Inside the church are a number of late 13th-century mosaics by Pietro Cavallini on the subject of the Life of the Virgin (1291) centering on a "Corontation of the Virgin" in the apse. Domenichino's octagonal ceiling painting, Assumption of the Virgin (1617) fits in the coffered ceiling setting that he designed.

The fifth chapel to the left is the Avila Chapel designed by Antonio Gherardi. This, and his Chapel of S. Cecilia in San Carlo ai Catinari are two of the most architecturally inventive chapels of the late seventeenth century in Rome. The lower order of the chapel is fairly dark and employs Borromini-like forms. In the dome, there is an opening or oculus from which four putti emerge to carry a central tempietto, all of which frames a light-filled chamber above, illuminated by windows not visible from below.

The church keeps a relic of Saint Apollonia, her head, as well as a portion of the Holy Sponge. Among those buried in the church are the relics of Pope Callixtus I, Antipope Anacletus II, and Cardinal Lorenzo Campeggio.

Exterior

The Romanesque campanile is from the 12th century. Near the top, a niche protects a mosaic of the Madonna and Child.

The mosaics on the facade are probably from the 12th century. They depict the Madonna enthroned and suckling the Child, flanked by ten women holding lamps. This image on the facade showing Mary nursing Jesus is an early example of a popular medieval and renaissance image of the Virgin. The motif itself originated in the Byzantine era, with significant seventh-century Coptic examples at Wadi Natrun in Egypt.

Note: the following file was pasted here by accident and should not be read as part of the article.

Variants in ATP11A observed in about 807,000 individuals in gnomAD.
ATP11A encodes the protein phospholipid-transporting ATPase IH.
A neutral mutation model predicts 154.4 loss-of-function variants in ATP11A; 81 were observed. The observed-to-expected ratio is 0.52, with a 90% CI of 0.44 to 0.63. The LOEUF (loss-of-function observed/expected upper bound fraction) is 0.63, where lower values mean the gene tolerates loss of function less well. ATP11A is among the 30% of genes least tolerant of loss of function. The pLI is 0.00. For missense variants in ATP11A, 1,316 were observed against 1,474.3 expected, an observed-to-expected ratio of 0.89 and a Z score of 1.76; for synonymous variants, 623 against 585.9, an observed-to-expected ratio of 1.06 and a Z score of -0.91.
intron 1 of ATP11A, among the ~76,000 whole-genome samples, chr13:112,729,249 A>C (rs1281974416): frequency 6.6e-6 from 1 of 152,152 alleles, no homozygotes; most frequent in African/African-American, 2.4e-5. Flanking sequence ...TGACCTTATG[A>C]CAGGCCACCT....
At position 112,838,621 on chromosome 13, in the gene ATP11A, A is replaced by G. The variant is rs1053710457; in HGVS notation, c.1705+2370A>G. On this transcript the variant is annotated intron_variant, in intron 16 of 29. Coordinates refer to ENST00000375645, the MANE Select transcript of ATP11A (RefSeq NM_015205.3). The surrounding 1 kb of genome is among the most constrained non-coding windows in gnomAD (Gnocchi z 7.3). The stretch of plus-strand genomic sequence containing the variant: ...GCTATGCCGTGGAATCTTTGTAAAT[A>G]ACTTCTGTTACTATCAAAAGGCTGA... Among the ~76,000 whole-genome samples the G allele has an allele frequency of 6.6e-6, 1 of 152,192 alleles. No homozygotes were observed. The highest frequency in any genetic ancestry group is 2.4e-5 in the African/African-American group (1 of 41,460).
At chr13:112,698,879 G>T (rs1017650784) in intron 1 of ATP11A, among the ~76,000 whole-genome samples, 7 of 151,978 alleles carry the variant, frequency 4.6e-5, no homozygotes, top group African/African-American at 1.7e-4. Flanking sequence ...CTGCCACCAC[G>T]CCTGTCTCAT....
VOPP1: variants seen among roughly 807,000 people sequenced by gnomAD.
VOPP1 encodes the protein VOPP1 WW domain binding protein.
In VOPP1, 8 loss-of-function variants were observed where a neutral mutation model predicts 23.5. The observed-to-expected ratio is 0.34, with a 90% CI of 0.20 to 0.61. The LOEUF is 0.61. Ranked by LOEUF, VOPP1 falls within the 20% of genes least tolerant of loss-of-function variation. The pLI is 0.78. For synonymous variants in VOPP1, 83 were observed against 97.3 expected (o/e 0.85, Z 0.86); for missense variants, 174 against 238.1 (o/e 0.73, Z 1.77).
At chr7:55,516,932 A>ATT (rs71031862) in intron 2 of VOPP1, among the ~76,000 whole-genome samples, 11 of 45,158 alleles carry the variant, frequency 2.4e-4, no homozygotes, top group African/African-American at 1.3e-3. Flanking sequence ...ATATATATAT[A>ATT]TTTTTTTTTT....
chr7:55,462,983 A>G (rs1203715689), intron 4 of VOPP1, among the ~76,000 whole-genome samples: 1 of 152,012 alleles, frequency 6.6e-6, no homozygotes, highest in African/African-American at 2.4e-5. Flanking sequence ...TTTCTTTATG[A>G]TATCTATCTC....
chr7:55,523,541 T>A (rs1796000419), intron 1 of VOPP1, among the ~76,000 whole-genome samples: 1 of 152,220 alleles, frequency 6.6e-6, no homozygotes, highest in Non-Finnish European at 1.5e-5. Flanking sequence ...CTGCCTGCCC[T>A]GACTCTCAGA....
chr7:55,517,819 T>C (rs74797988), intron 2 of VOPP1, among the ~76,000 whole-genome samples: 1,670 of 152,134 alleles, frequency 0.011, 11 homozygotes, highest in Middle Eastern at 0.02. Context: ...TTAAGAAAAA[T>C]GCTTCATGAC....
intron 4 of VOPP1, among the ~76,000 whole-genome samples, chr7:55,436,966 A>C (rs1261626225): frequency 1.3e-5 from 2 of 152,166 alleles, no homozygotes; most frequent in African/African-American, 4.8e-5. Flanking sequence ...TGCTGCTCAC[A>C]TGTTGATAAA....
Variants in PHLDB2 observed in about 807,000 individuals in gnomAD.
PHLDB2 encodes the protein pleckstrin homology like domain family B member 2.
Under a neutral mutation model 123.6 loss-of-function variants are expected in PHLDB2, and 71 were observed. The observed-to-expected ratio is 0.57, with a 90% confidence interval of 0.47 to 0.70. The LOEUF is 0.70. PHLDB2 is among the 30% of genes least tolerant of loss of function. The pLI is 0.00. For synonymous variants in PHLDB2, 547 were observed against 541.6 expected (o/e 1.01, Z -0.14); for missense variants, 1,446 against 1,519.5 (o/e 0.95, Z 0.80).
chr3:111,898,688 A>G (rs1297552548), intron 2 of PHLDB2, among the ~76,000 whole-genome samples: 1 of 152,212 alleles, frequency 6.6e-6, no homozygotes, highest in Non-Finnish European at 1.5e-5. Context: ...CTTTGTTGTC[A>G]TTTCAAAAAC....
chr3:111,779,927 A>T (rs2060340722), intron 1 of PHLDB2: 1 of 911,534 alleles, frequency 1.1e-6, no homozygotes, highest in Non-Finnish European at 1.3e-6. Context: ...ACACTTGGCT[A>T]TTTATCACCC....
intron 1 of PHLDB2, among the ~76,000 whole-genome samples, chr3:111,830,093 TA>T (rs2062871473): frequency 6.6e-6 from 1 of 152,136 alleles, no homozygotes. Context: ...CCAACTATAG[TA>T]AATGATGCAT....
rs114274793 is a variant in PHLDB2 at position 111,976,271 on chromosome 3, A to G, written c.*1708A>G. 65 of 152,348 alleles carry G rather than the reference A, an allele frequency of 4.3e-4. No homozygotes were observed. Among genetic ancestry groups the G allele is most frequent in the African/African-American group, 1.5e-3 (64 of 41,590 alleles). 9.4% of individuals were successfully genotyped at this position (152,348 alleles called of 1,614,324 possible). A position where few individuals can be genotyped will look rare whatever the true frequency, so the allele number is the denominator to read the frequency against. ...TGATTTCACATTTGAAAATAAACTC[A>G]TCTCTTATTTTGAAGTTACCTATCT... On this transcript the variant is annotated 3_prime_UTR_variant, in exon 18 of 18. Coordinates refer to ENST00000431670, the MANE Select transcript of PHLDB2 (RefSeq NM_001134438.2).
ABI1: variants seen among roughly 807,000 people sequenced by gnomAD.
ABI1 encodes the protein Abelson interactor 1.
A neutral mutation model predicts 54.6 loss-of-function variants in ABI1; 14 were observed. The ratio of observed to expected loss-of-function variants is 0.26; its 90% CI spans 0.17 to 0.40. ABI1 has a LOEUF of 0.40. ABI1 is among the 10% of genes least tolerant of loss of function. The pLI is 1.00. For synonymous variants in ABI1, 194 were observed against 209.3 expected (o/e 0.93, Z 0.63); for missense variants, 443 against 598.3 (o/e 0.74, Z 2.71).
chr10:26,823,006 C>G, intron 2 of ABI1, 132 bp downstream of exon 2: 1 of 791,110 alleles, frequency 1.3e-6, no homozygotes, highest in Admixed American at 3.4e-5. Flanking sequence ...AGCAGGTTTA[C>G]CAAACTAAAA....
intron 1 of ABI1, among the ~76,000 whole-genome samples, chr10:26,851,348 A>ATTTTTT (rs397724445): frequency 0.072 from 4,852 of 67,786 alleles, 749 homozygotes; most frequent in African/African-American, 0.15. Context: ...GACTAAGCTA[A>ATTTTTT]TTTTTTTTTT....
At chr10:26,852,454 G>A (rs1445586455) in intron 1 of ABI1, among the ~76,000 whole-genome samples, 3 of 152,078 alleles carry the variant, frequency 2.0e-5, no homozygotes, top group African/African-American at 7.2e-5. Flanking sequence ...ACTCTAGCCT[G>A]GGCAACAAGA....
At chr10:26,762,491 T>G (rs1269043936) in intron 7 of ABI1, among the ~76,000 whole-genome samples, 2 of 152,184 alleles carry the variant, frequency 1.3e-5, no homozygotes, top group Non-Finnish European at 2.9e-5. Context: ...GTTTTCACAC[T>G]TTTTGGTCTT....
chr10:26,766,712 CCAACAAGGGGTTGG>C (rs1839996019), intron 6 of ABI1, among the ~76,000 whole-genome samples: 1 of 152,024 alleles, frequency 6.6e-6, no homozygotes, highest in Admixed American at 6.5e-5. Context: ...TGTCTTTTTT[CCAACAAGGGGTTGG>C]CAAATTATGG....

The façade of the church was restored by Carlo Fontana in 1702, who replaced the ancient porch with a sloping tiled roof— seen in Falda's view— with the present classicizing one. The octagonal fountain in the piazza in front of the church (Piazza di Santa Maria in Trastevere), which already appears in a map of 1472, was also restored by Carlo Fontana.

The titulus

Ancient sources maintain that the titulus S. Mariae was established by Pope Alexander I around 112. Later traditions give the names of the early patrons of the tituli and have retrospectively assigned them the title of cardinal: thus at that time, the cardinal-patron of this basilica, these traditions assert, would have been Saint Calepodius. Pope Calixtus I confirmed the titulus in 221; to honor him it was changed into Ss. Callisti et Iuliani; it was renamed S. Mariae trans Tiberim by Innocent II.

By the 12th century cardinal deacons as well as the presbyters had long been dispensed from personal service at the tituli. Among the past Cardinal Priests holding the honorary titulus of Santa Maria in Trastevere, have been the Cardinal Duke of York (whose coat of arms, topped by a crown rather than a galero (red hat), is visible over the screen to the right of the altar), James Gibbons and Pope Leo XII. Józef Glemp is the current Cardinal Priest of the Titulus S. Mariae trans Tiberim.

See also

  • Roman Catholic Marian churches

References

  • Chris Nyborg, "Santa Maria in Trastevere" 2002

External links



Source en.wikipedia.org/wiki/Santa_Maria_in_Trastevere